5. The factory tow hooks also need to be removed. The TrailReady bumper has provisions to retain the tow hooks if you choose, but they become a little redundant since the bumper has two built-in recovery points that are suitable for D-rings. The owner of the truck chose to leave them off for a cleaner look.

6. The bumper incorporates four light ports, which is a nice touch that's not often found in other bumpers. The inner ports are for 6-in. diameter lights, while the outers accommodate 4-in. lights. We opted not to add lights for this install, due in part to the LED light bar planned for later, but Corder went ahead and installed the port inserts along with the provided brackets so it will be easy to add lights later. The inserts simply bolt into place.

6. The bumper incorporates four light ports, which is a nice touch that’s not often found in other bumpers. The inner ports are for 6-in. diameter lights, while the outers accommodate 4-in. lights. We opted not to add lights for this install, due in part to the LED light bar planned for later, but Corder went ahead and installed the port inserts along with the provided brackets so it will be easy to add lights later. The inserts simply bolt into place.

7. With a new grille mounted (details on this Royalty Core grille are coming next month), Corder needed a couple of extra sets of hands to mount the bumper. As we mentioned, the TrailReady bumper is constructed of heavy-gauge steel and weighs in at nearly 200 lbs., so it's not something you want to try and hang on your own. Corder and an assistant held the bumper in place while fellow technician David Smiley started the supplied bolts in the front of the bumper.

7. With a new grille mounted (details on this Royalty Core grille are coming next month), Corder needed a couple of extra sets of hands to mount the bumper. As we mentioned, the TrailReady bumper is constructed of heavy-gauge steel and weighs in at nearly 200 lbs., so it’s not something you want to try and hang on your own. Corder and an assistant held the bumper in place while fellow technician David Smiley started the supplied bolts in the front of the bumper.

8. With a couple of the mounting bolts started, Corder went to work attaching the rest of the bumper support brackets, which are included with the bumper. You will want to start all of the brackets and hardware, but don't tighten anything yet.

8. With a couple of the mounting bolts started, Corder went to work attaching the rest of the bumper support brackets, which are included with the bumper. You will want to start all of the brackets and hardware, but don’t tighten anything yet.

9. With the hardware loosely in place, Corder used a large floor jack to support the bumper and make some adjustments. The TrailReady bumper is designed so that the bumper's position can be fine-tuned to match the lines of the body exactly and also even up any gaps between the bumper and the frame.

9. With the hardware loosely in place, Corder used a large floor jack to support the bumper and make some adjustments. The TrailReady bumper is designed so that the bumper’s position can be fine-tuned to match the lines of the body exactly and also even up any gaps between the bumper and the frame.

10. In addition to properly aligning the front, the wraparound design of the bumper dictates some attention must be paid to the sides as well. Corder could have gotten fancy and broken out the tape measure, but the “eye-chrometer” is faster and nearly as accurate. Once he was satisfied with the position of the bumper, he tightened up all of the hardware.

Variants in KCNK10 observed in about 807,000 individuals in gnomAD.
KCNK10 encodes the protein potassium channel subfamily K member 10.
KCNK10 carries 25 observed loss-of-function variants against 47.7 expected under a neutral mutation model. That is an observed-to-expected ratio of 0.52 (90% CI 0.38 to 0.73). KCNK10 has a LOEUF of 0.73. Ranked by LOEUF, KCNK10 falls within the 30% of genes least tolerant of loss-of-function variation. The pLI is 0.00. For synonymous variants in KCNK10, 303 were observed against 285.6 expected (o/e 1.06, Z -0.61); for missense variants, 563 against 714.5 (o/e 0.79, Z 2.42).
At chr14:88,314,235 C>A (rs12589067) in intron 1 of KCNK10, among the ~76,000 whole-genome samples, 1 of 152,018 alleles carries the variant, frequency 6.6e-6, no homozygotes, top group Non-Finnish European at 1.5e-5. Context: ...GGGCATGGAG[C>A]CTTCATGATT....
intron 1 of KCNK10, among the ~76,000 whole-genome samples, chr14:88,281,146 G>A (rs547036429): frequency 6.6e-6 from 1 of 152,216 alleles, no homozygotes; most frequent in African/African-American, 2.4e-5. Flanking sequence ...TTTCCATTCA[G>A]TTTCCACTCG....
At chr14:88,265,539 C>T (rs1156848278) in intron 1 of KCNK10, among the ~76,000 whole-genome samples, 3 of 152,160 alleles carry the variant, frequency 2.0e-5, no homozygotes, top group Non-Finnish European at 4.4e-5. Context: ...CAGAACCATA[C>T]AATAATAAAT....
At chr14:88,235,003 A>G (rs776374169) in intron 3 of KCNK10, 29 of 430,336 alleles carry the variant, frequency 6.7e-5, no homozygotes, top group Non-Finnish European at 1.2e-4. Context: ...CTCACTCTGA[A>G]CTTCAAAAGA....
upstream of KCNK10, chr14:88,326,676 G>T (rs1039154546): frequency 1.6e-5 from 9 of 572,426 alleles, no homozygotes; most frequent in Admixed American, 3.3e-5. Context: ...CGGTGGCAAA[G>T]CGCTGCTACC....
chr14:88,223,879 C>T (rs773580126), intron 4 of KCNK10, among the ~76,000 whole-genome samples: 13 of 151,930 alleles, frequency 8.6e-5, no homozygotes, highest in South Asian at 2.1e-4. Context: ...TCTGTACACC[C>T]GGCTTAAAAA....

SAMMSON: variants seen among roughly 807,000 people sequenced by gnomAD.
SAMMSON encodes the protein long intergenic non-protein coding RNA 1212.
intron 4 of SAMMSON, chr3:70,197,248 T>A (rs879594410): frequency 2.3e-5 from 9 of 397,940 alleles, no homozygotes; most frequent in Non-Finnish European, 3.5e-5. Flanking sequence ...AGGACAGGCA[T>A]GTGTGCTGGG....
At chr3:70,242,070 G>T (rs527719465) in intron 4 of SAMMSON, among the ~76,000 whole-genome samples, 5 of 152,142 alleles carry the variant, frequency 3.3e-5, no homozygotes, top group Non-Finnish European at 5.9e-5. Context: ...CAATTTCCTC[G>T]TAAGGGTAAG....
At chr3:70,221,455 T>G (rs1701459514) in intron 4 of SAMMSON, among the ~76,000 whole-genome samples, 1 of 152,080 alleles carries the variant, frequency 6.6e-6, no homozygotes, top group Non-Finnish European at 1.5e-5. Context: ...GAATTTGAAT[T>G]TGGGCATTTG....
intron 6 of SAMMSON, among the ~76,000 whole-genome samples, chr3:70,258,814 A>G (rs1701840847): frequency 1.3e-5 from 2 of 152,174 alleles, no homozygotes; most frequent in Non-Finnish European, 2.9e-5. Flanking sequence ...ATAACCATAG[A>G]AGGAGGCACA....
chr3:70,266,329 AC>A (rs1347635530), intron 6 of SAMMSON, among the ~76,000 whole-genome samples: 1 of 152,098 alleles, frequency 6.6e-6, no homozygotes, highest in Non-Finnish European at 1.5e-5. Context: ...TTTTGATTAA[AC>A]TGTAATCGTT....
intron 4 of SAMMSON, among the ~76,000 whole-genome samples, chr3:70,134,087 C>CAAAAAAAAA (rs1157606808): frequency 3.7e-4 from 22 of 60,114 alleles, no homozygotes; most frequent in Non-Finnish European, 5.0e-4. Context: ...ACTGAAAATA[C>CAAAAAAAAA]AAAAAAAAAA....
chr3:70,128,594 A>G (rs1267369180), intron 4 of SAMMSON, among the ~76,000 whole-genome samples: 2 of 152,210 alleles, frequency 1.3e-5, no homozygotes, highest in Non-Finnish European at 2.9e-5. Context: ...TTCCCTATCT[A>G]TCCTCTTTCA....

10. In addition to properly aligning the front, the wraparound design of the bumper dictates some attention must be paid to the sides as well. Corder could have gotten fancy and broken out the tape measure, but the “eye-chrometer” is faster and nearly as accurate. Once he was satisfied with the position of the bumper, he tightened up all of the hardware.

11. The TrailReady prerunner bumper also included this additional light bracket, which is perfect for mounting an LED light bar between the body of the bumper and the prerunner bar. We mounted it on the bumper and would have used it except for the LED light bar already built into the grille insert. It turned out to be unnecessary for our application but it’s a nice addition for anyone running a stock grille or different grille insert.

11. The TrailReady prerunner bumper also included this additional light bracket, which is perfect for mounting an LED light bar between the body of the bumper and the prerunner bar. We mounted it on the bumper and would have used it except for the LED light bar already built into the grille insert. It turned out to be unnecessary for our application but it’s a nice addition for anyone running a stock grille or different grille insert.

12. The finished product completely transformed the nose on our project. Not only does the bumper look aggressive, it has the strength of ¼- and 3/16-in. steel to match. The lightly textured semi-flat powder coating is perfect for our dual-purpose daily driver/hunting rig, and we'll probably add some lights to the ports in the bumper to complete the look. Stay tuned next month for all of the details on the grille insert.

12. The finished product completely transformed the nose on our project. Not only does the bumper look aggressive, it has the strength of ¼- and 3/16-in. steel to match. The lightly textured semi-flat powder coating is perfect for our dual-purpose daily driver/hunting rig, and we’ll probably add some lights to the ports in the bumper to complete the look. Stay tuned next month for all of the details on the grille insert.

SOURCES:

4Wheel Parts Wholesalers

800.877.4821

4WheelParts.com

Royalty Core

541.343.3643

RoyaltyCore.com

TrailReady

888.910.2999

TrailReady.com